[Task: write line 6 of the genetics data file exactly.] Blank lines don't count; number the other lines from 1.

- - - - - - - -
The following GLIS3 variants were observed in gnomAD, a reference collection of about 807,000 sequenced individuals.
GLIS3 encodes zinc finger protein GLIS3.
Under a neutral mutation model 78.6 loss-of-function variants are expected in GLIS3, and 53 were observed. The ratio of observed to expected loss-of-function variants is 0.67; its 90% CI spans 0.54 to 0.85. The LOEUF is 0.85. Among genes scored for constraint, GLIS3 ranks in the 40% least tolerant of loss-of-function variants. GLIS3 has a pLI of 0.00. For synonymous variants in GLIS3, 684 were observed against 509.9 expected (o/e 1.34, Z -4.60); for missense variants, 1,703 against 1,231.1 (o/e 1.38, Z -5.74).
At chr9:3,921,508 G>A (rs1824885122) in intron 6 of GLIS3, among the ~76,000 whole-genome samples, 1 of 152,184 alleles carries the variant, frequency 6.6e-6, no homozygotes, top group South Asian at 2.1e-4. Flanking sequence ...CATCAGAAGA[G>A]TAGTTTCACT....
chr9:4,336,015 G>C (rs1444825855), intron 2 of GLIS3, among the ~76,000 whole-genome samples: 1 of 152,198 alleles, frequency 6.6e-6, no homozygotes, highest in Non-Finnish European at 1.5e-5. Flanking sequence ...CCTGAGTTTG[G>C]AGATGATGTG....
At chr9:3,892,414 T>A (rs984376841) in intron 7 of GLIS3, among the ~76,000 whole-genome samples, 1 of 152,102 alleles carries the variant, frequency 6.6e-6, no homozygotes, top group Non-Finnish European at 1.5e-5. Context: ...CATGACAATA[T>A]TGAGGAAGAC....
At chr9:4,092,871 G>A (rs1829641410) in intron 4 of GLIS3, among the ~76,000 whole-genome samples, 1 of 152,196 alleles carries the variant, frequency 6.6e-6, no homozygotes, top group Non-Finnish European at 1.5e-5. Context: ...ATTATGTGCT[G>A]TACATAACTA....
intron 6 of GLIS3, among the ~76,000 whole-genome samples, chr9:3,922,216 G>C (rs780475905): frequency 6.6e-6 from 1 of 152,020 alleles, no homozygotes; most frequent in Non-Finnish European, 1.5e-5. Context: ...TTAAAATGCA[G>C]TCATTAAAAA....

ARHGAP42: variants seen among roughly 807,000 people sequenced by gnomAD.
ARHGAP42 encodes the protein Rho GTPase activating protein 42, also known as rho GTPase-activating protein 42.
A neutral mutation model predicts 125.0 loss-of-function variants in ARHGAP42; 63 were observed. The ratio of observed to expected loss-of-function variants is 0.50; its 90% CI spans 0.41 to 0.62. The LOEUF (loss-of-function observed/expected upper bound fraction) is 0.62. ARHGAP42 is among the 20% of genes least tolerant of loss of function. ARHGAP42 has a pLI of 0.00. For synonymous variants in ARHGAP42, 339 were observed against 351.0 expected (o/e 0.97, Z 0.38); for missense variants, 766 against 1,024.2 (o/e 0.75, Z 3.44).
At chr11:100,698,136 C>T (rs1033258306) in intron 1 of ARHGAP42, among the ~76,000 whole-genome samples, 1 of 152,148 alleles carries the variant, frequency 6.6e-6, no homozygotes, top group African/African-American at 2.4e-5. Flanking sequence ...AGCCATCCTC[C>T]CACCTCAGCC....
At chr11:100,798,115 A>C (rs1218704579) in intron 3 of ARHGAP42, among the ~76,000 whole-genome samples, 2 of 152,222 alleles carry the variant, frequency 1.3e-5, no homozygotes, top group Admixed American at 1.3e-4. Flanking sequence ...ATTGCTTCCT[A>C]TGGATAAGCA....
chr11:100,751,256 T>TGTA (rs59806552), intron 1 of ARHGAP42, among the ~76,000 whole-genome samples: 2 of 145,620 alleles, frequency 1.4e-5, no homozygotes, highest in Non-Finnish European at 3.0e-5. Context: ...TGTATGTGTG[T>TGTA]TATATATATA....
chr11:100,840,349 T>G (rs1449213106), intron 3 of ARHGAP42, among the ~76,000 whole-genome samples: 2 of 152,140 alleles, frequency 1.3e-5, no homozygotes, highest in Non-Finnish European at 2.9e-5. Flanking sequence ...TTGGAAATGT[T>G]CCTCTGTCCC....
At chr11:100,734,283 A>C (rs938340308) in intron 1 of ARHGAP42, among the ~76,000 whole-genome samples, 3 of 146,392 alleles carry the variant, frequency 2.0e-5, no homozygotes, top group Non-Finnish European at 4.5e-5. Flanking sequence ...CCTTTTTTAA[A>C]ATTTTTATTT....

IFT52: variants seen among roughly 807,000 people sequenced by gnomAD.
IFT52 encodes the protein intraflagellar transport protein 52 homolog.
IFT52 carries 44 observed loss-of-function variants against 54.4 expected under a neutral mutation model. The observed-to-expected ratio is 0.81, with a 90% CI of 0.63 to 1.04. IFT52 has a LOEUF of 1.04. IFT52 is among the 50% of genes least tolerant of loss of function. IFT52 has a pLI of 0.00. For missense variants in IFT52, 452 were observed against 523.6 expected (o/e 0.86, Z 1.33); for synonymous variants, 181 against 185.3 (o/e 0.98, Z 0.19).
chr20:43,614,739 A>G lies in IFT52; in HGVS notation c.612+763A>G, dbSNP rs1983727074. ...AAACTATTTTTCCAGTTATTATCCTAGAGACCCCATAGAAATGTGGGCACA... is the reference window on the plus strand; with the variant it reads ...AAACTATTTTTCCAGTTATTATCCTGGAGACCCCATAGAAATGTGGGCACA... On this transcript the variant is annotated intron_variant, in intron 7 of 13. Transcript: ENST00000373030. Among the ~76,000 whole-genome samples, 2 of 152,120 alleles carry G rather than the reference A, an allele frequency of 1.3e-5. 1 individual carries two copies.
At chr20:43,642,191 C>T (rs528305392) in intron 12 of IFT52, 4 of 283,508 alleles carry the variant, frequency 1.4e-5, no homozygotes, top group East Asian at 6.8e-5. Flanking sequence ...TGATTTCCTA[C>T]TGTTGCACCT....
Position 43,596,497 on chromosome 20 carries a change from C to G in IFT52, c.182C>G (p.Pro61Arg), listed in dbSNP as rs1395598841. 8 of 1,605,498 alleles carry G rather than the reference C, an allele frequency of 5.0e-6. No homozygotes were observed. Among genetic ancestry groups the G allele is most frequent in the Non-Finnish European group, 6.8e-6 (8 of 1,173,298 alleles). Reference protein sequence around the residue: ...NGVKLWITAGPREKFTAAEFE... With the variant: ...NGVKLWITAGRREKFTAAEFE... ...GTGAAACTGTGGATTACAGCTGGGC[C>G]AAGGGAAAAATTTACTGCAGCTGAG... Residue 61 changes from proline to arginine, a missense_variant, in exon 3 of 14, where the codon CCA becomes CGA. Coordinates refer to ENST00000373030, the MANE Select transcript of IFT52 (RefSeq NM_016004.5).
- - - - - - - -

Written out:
At chr9:3,892,414 T>A (rs984376841) in intron 7 of GLIS3, among the ~76,000 whole-genome samples, 1 of 152,102 alleles carries the variant, frequency 6.6e-6, no homozygotes, top group Non-Finnish European at 1.5e-5. Context: ...CATGACAATA[T>A]TGAGGAAGAC....